The scientific name “cannabis” is the preferred term rather than the common name “marijuana”, which is often associated with racial discrimination and injustice.
Using cannabis (Health Canada) distorts perception and impairs coordination, putting the user at risk for injuries.
Using cannabis can damage the lungs, increase heart rate, lower blood pressure, and change the way the brain works, putting the user at risk for chronic disease and mental health concerns.
What is cannabis?
Cannabis goes by many names (for example, weed, dope, pot, and MJ). It comes from the dried tops (buds) of the cannabis plant. THC (delt-9-tetrahydro-cannabinol) is the active drug. Cannabis can be rolled into a joint and is sometimes mixed with tobacco to be smoked. It can also be used in a pipe, a bong (water pipe) or vaporizer. THC can also be extracted from the plant to make hash oil.
Who is using cannabis?
More than half (52.3%) of people aged 19+ living in the Sudbury & District Health Unit service area have tried cannabis at some point in their lifetime. However, 13% admit to currently using cannabis. Comparatively 50% of people in Northern Ontario and 41% of Ontarians report having tried cannabis and 11% of people in Northern Ontario and 10.6% admit to currently using cannabis (Source: Canadian Community Health Survey 2009-2012, Statistics Canada, Share File, Ontario Ministry of Health and Long-Term Care).
What are the effects of cannabis use?
For some people, when they use cannabis for the first time, they feel little or no effect. Often it is with repeated use that people will feel the effects. These effects can be different for users depending on their experience with cannabis, whether it is smoked or swallowed, the mood of the person using, and if it is used in combination with other drugs. When cannabis is smoked the effects can begin immediately and last for several hours. If cannabis is ingested the effects begin after about an hour but will last longer. THC is stored in the fat cells and will be released from the body over a period of days or weeks, which is why drug tests for cannabis can be positive for weeks after the effects of the drug have worn off.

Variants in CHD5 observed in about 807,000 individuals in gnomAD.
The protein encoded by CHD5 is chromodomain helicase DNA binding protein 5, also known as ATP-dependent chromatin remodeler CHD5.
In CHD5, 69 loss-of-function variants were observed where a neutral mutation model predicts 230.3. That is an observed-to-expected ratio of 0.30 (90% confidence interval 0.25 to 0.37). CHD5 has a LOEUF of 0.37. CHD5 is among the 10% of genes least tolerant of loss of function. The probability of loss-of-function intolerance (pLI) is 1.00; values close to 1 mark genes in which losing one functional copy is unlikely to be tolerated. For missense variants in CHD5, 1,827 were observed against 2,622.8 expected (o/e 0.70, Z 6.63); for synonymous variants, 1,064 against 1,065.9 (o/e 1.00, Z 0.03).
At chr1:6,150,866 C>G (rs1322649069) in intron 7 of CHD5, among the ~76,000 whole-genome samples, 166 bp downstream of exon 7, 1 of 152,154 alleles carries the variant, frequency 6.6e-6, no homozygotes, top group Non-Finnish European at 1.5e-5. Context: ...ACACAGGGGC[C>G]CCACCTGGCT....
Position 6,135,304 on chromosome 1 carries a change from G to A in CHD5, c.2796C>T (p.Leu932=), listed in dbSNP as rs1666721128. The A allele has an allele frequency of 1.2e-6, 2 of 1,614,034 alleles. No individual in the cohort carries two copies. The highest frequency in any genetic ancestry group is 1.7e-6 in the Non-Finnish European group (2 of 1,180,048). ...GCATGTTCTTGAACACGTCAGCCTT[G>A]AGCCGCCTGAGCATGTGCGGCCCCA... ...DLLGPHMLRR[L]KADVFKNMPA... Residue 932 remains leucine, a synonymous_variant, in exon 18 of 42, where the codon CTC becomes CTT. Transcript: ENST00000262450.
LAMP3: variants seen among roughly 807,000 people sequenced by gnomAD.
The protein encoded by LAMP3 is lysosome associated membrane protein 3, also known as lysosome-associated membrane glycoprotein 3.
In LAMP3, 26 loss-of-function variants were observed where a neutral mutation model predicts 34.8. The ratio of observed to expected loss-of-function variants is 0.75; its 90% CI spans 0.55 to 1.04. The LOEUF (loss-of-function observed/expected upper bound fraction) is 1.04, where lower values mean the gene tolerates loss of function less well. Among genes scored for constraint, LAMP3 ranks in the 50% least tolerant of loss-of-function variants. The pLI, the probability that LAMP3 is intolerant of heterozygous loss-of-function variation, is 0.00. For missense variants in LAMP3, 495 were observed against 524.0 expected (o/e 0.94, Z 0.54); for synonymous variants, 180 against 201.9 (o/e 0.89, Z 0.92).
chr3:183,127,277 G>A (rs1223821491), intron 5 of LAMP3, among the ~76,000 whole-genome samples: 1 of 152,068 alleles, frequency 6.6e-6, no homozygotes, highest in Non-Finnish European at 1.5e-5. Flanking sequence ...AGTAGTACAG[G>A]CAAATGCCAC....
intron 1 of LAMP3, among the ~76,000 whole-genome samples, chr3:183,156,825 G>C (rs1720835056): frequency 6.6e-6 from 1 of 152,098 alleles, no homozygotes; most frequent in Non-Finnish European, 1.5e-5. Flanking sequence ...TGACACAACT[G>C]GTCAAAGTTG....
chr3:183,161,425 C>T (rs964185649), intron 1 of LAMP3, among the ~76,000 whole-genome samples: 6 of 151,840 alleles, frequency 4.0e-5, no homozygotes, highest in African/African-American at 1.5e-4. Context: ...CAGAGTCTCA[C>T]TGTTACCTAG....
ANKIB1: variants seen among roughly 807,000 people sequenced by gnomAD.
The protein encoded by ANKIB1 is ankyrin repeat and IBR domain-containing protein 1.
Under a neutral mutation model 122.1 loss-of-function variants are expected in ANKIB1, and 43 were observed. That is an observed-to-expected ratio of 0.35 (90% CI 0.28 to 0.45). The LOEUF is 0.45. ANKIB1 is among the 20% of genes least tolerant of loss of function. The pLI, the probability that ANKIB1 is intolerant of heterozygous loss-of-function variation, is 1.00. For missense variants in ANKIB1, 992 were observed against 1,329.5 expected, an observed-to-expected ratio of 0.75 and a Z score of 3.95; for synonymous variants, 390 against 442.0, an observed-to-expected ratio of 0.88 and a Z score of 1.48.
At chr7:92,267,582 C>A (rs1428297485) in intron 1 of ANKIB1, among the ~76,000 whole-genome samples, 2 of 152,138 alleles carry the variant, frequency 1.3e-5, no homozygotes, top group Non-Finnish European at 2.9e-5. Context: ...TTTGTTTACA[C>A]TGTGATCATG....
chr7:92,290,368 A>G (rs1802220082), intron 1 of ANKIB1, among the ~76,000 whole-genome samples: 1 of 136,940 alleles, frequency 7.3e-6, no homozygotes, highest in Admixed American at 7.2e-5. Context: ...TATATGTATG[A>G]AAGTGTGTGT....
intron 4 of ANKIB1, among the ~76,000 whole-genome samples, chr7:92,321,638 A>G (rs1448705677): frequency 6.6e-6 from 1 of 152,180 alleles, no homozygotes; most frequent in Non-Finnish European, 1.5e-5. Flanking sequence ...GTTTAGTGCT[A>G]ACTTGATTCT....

Some people will feel relaxed, talkative or even ‘giggly’ when they use cannabis. Other times a person may feel tense, anxious or confused.
Cannabis use can alter a person’s perception of time, distance and space. It will impair judgement, decrease concentration and coordination. Red eyes, dry mouth, sleepiness and increased appetite, also known as the ‘munchies’ can result from marijuana use.
What are the risks of cannabis use?
- Cannabis use will distort perception, change the mood of the user, affect the user’s ability to shift attention from one thing to another, decrease concentration and cause short-term memory loss. This can impact school or work performance.
- Co-ordination of movement, balance, posture and reaction time are also affected by cannabis use and can play a large role in injuries, one to three hours after use. For these reasons driving after using cannabis is dangerous.
- Cannabis use has been linked to schizophrenia in some people.
- Because cannabis is often inhaled, the effects on the lungs can be similar to those of smoking tobacco including chronic bronchitis.
- For people with heart disease, cannabis poses a risk for heart attack because it causes an increase in heart rate and blood pressure.
- Cannabis use during pregnancy may affect the fetus. When taken together with alcohol, the effects of each of these drug is intensified resulting in severe impairment.
- As with any illegal drug, cannabis is not subject to health and safety standards. This drug may be contaminated with pesticides, toxic fungi or other drugs.
- Unless you have a medical exemption or a license to grown marijuana, it is illegal to grow, possess or sell cannabis.
Are you concerned about your use or someone else’s cannabis use?
- If the answer is “yes”, seek help. Contact the Drug and Alcohol Helpline (Ontario Government). It offers services by phone, online chat, and email, and provides a directory of support services.
- Learn more about cannabis (Government of Canada).
This item was last modified on October 5, 2018